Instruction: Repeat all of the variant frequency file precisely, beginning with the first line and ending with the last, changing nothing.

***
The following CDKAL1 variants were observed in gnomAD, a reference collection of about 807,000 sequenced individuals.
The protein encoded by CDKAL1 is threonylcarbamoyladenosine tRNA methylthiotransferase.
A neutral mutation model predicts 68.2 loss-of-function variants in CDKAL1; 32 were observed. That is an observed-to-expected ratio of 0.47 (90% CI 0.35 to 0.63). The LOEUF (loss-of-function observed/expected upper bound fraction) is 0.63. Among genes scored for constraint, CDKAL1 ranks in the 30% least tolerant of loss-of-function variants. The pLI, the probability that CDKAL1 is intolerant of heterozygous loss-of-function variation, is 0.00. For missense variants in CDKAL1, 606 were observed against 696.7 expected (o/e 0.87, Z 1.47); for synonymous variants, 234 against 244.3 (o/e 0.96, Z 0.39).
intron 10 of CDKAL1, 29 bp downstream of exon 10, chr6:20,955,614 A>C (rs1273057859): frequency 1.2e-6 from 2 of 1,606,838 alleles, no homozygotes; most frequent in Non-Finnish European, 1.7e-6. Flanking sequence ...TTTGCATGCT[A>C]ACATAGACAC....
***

The following CDKAL1 variants were observed in gnomAD, a reference collection of about 807,000 sequenced individuals.
The protein encoded by CDKAL1 is threonylcarbamoyladenosine tRNA methylthiotransferase.
A neutral mutation model predicts 68.2 loss-of-function variants in CDKAL1; 32 were observed. That is an observed-to-expected ratio of 0.47 (90% CI 0.35 to 0.63). The LOEUF (loss-of-function observed/expected upper bound fraction) is 0.63. Among genes scored for constraint, CDKAL1 ranks in the 30% least tolerant of loss-of-function variants. The pLI, the probability that CDKAL1 is intolerant of heterozygous loss-of-function variation, is 0.00. For missense variants in CDKAL1, 606 were observed against 696.7 expected (o/e 0.87, Z 1.47); for synonymous variants, 234 against 244.3 (o/e 0.96, Z 0.39).
intron 10 of CDKAL1, 29 bp downstream of exon 10, chr6:20,955,614 A>C (rs1273057859): frequency 1.2e-6 from 2 of 1,606,838 alleles, no homozygotes; most frequent in Non-Finnish European, 1.7e-6. Flanking sequence ...TTTGCATGCT[A>C]ACATAGACAC....